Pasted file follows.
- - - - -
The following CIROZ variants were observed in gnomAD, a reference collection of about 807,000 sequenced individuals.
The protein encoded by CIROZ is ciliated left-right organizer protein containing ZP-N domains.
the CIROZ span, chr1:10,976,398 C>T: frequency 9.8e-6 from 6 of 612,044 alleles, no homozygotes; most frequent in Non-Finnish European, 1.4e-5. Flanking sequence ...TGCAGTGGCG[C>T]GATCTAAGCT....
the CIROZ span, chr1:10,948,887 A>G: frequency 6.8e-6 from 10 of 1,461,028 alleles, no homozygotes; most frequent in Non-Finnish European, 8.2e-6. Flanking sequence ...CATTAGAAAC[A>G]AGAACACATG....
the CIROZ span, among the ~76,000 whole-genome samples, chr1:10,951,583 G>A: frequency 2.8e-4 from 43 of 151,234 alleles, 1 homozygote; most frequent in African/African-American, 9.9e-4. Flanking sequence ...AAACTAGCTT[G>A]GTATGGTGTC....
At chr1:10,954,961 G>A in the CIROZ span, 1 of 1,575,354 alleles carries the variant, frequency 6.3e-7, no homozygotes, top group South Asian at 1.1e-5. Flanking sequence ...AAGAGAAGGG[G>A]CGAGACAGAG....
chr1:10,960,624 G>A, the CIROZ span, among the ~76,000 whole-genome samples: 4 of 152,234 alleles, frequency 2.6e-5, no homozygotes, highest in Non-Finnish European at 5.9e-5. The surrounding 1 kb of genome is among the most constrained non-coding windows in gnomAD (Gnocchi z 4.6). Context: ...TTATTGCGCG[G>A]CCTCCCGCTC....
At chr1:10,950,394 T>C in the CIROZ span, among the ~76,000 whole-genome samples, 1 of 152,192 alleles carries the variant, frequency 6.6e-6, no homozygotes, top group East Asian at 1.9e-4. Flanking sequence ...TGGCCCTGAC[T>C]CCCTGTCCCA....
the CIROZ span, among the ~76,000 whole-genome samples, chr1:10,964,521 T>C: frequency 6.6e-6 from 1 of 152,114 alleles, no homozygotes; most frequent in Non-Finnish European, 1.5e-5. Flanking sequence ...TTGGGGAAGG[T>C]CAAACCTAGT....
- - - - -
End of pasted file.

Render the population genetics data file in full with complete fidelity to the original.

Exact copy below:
The following CIROZ variants were observed in gnomAD, a reference collection of about 807,000 sequenced individuals.
The protein encoded by CIROZ is ciliated left-right organizer protein containing ZP-N domains.
the CIROZ span, chr1:10,976,398 C>T: frequency 9.8e-6 from 6 of 612,044 alleles, no homozygotes; most frequent in Non-Finnish European, 1.4e-5. Flanking sequence ...TGCAGTGGCG[C>T]GATCTAAGCT....
the CIROZ span, chr1:10,948,887 A>G: frequency 6.8e-6 from 10 of 1,461,028 alleles, no homozygotes; most frequent in Non-Finnish European, 8.2e-6. Flanking sequence ...CATTAGAAAC[A>G]AGAACACATG....
the CIROZ span, among the ~76,000 whole-genome samples, chr1:10,951,583 G>A: frequency 2.8e-4 from 43 of 151,234 alleles, 1 homozygote; most frequent in African/African-American, 9.9e-4. Flanking sequence ...AAACTAGCTT[G>A]GTATGGTGTC....
At chr1:10,954,961 G>A in the CIROZ span, 1 of 1,575,354 alleles carries the variant, frequency 6.3e-7, no homozygotes, top group South Asian at 1.1e-5. Flanking sequence ...AAGAGAAGGG[G>A]CGAGACAGAG....
chr1:10,960,624 G>A, the CIROZ span, among the ~76,000 whole-genome samples: 4 of 152,234 alleles, frequency 2.6e-5, no homozygotes, highest in Non-Finnish European at 5.9e-5. The surrounding 1 kb of genome is among the most constrained non-coding windows in gnomAD (Gnocchi z 4.6). Context: ...TTATTGCGCG[G>A]CCTCCCGCTC....
At chr1:10,950,394 T>C in the CIROZ span, among the ~76,000 whole-genome samples, 1 of 152,192 alleles carries the variant, frequency 6.6e-6, no homozygotes, top group East Asian at 1.9e-4. Flanking sequence ...TGGCCCTGAC[T>C]CCCTGTCCCA....
the CIROZ span, among the ~76,000 whole-genome samples, chr1:10,964,521 T>C: frequency 6.6e-6 from 1 of 152,114 alleles, no homozygotes; most frequent in Non-Finnish European, 1.5e-5. Flanking sequence ...TTGGGGAAGG[T>C]CAAACCTAGT....